During their stay there, a new host was founded which by the end of 1778 numbered around 12000 Cossacks. Their settlement at the border with Russia was approved by the Ottoman Empire after the Cossacks officially vowed to serve the Sultan. Yet the conflict inside the new host of the new loyalty, and the political manoeuvres used by the Russian Empire, led to a split in the Cossacks. After a portion of the runaway Cossacks returned to Russia they were used by the Russian army to form new military bodies that also incorporated Greek Albanians and Crimean Tatars. However after the Russo-Turkish war of 1787–1792, most of them were incorporated into the Black Sea Cossack Host which moved to the Kuban steppes. Most of the remaining Cossacks that stayed in the Danube delta returned to Russia in 1828 and created the Azov Cossack Host between Berdyansk and Mariupol. In 1860 all of them were resettled to the North Caucasus and merged into the Kuban Cossack Host.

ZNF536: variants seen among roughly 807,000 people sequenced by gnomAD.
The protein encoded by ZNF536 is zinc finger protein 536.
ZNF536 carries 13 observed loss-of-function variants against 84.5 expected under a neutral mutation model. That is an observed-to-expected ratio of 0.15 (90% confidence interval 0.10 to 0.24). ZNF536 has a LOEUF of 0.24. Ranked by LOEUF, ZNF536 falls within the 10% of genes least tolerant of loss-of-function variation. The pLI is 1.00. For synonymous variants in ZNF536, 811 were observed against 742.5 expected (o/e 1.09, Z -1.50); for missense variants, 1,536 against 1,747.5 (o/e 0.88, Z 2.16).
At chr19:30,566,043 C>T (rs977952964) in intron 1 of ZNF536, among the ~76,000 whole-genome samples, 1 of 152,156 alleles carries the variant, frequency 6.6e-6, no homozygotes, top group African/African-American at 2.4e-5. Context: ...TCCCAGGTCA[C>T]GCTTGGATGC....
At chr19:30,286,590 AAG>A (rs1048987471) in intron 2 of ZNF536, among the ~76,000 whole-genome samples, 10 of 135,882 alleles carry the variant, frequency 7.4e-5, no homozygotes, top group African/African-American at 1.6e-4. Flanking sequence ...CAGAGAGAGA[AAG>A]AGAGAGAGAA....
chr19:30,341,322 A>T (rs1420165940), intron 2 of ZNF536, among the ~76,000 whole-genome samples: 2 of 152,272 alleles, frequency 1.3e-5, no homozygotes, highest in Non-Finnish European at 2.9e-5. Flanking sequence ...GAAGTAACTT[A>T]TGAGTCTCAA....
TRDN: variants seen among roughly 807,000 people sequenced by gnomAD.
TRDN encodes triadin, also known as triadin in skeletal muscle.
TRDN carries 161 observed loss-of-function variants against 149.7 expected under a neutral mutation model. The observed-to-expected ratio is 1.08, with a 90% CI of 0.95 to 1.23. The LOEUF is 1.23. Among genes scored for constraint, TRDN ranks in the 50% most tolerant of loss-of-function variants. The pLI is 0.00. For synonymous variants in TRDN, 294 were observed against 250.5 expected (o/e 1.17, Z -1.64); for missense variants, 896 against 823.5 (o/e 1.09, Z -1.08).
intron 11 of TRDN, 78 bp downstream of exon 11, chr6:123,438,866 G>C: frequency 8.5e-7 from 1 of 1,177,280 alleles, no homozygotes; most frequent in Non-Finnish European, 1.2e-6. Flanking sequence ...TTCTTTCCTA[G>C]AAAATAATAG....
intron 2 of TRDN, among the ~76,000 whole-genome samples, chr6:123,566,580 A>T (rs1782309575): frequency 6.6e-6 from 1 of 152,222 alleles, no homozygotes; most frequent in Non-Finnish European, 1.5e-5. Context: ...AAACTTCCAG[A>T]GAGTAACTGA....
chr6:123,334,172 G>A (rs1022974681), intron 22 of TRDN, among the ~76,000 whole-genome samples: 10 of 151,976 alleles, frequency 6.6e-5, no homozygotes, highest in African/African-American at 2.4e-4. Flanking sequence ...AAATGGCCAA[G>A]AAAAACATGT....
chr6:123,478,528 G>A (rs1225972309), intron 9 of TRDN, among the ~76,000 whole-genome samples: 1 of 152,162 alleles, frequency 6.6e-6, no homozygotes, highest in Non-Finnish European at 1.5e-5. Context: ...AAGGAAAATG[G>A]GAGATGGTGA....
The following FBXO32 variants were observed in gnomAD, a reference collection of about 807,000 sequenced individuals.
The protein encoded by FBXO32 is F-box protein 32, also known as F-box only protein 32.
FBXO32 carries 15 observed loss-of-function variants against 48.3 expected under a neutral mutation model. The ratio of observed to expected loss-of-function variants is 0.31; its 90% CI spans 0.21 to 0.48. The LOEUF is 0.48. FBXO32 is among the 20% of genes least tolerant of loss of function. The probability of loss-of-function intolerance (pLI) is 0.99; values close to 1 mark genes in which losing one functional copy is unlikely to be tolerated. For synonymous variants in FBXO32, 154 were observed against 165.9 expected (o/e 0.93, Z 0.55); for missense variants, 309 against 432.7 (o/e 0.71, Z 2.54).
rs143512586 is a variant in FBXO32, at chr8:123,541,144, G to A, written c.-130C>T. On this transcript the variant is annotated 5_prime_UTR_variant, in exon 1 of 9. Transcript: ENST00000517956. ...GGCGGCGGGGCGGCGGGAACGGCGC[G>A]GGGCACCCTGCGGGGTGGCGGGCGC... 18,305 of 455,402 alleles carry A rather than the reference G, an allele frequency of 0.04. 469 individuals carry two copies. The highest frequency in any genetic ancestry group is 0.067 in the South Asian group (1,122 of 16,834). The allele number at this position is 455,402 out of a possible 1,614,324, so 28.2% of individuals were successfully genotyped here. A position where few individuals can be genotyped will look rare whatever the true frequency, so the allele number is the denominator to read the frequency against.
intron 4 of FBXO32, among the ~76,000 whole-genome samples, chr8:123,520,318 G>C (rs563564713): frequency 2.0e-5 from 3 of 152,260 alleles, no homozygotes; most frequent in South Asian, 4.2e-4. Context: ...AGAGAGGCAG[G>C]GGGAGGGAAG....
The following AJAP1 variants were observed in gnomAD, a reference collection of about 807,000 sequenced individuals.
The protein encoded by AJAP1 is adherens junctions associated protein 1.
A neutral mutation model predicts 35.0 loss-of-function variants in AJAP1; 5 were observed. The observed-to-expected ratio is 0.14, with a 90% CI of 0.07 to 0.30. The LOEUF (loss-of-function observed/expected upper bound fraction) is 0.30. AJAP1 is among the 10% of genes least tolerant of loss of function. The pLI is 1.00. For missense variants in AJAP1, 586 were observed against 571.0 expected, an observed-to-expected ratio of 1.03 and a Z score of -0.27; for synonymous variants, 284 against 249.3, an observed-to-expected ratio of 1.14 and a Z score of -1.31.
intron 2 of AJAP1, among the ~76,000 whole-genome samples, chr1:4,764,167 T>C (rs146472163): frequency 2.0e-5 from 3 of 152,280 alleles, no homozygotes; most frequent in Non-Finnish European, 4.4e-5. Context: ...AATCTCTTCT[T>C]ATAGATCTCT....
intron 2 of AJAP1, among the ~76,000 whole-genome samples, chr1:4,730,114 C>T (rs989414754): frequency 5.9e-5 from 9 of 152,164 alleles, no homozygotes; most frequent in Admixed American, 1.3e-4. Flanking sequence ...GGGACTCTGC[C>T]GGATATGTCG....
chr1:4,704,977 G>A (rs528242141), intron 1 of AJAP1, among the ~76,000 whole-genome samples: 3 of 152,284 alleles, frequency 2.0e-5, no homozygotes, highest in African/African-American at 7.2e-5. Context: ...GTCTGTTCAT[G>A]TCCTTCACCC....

Russian Cossacks

Don, Terek and Yaik

According to some historians, the earliest traces of Cossacks on the Don River trace back to the 13th century.

In the Russian Empire

From the start, relations of Cossacks with the Tsardom of Russia were very much varied, at times this involved combined military operations, and at others there were famous Cossack uprisings. One particular example was the dissolution of the Zaporozhian Host, which took place at the end of the 18th century. The divisions of the Cossacks within was clearly visible between those that chose to stay loyal to the Russian Monarch and continue the service (who later moved to the Kuban) and those that chose to continue their pro-mercenary role and ran off the Danube delta.